Many cyclist will probably frown on the electric assist kit, but hey, its better than a car, and its still a bike

  9. #9
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    Ritchey Tom Slick's are rated very good. I bought the 1.4 size as it gives just a bit more stability than a 1.25 will provide. A 1.4 gives a noticeable improvement and still the ride is pretty good. Skinny tires greatly improve the harshness of a ride, you will feel bumps and such more. It is a trade off. That is why i went with a slightly wider slick, they are very nice.http://www.mtbr.com/reviews/Tire/product_84992.shtml

  10. #10
    Long Distance Cyclist Machka's Avatar
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    Quote Originally Posted by chicbicyclist
    Well, it will improve my battery range by 25-30%(per manufacturer recommendations), without having to buy expensive or heavier battery kits. Right now, I'm doing 25 miles per battery charge on flat ground, and would like to get to at least 30 miles, and do a 20 miles round trip to the beach(where I hang out half the time)without using the car.

    Many cyclist will probably frown on the electric assist kit, but hey, its better than a car, and its still a bike

    I'm not frowning on the electric assist kit, but I'm curious why you would need a motor. If your main ride is a short 20 mile trip to the beach and back, you can easily cover that in approx. 40 minutes each way by pedal power ... and get a bit of a workout in the process.

    And if you were to remove the motor, you could easily go to narrower, smoother tires.

  11. #11
    Senior Member chicbicyclist's Avatar
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    I don't need a work out, in fact, I need to gain weight(I'm one of those people who are blessed/cursed with a fast metabolism). I'm not a "hardcore" weekend recreational warrior either, it is my main form of transportation in the urban core of the city. It's cheaper and sometimes faster, and well, its cool. I don't care if I don't have the newest and lightest gear, if a bicycle moves(and looks cool), it's fine.

    I'm not an enviro-freak either, so I don't care about the environment that much that I try to live a really simple life as much as possible, although I do consider myself a bleeding heart liberal.

    I don't care if I own a car or not(I own a gas guzzling 64 mustang, so that kinda evens it out), they have thier uses, and I use public transportation if I need to so I'm not a car-free activist, though it does make me smile that I'm saving some money on gas.

    So to answer your question, I am a Utility Cyclist . In quite a hilly city. I use the motor to make cyling easier for me(main complaint of the general public when it comes to cycling for commuting/utilitarian use: it's too hard, and the hills!) and demonstrate that it is indeed a viable form of transportation for short to medium distances, especially in the urban core of San Diego.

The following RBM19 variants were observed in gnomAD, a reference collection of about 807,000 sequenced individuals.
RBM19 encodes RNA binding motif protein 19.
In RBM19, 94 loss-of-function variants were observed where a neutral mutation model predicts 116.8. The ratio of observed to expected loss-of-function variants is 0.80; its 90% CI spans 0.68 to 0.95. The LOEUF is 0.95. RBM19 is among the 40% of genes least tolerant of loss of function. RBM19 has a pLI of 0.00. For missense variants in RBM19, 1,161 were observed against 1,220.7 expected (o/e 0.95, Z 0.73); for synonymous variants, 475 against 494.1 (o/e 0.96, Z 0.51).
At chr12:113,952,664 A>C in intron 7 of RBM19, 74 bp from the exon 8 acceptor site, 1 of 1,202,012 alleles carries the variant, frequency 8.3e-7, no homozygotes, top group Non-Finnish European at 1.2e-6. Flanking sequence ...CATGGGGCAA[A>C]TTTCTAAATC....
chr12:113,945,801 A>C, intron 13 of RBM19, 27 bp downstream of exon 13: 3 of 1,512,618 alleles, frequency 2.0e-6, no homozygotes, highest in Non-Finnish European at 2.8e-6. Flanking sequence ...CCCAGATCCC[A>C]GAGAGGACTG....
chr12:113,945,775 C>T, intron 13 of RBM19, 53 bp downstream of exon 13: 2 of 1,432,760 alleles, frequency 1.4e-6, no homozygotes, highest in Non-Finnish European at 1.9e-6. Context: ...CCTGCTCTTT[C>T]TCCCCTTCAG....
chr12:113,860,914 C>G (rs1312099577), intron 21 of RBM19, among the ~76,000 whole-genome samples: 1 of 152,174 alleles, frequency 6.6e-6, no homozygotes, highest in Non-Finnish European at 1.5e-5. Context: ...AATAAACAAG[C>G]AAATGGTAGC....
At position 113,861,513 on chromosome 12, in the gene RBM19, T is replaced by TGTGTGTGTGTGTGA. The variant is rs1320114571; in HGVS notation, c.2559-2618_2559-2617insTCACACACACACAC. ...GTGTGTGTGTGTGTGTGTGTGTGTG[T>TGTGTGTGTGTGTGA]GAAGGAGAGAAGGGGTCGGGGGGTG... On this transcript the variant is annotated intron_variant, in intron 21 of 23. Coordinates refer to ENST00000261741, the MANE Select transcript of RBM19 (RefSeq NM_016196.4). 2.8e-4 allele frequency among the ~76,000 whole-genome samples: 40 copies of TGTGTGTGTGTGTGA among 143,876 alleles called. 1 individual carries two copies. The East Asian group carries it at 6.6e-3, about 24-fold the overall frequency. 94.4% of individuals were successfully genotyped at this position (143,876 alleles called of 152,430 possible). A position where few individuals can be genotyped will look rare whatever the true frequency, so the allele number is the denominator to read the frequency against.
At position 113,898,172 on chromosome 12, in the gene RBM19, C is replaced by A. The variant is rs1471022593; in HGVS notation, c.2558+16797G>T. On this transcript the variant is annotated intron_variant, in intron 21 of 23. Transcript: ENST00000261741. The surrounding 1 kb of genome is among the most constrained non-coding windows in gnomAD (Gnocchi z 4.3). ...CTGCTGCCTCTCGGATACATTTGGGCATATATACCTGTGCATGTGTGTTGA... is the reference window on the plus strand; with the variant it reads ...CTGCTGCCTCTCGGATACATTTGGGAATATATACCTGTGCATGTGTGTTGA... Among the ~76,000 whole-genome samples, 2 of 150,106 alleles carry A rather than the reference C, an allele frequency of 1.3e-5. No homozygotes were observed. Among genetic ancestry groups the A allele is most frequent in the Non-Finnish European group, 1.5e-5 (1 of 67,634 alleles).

20 miles of unpowered cycling is out of the question for me, and I hardly consider it "short". Hehe.
    Last edited by chicbicyclist; 03-12-06 at 07:31 PM.

  12. #12
    Senior Member closetbiker's Avatar
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    Quote Originally Posted by chicbicyclist
    its better than a car
    You're right there!

  13. #13
    Long Distance Cyclist Machka's Avatar
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    Quote Originally Posted by chicbicyclist
    I'm not a "hardcore" weekend recreational warrior either, it is my main form of transportation in the urban core of the city. It's cheaper and sometimes faster, and well, its cool. I don't care if I don't have the newest and lightest gear, if a bicycle moves(and looks cool), it's fine.

    I'm not an enviro-freak either, so I don't care about the environment that much that I try to live a really simple life as much as possible, although I do consider myself a bleeding heart liberal.

    I don't care if I own a car or not(I own a gas guzzling 64 mustang, so that kinda evens it out), they have thier uses, and I use public transportation if I need to so I'm not a car-free activist, though it does make me smile that I'm saving some money on gas.

    So to answer your question, I am a Utility Cyclist . In quite a hilly city. I use the motor to make cyling easier for me(main complaint of the general public when it comes to cycling for commuting/utilitarian use: it's too hard, and the hills!) and demonstrate that it is indeed a viable form of transportation for short to medium distances, especially in the urban core of San Diego.

    I agree that it is a good alternative to other forms of motorized transportation. My father has been toying with the idea of doing something like that with his Cattrike.



    Quote Originally Posted by chicbicyclist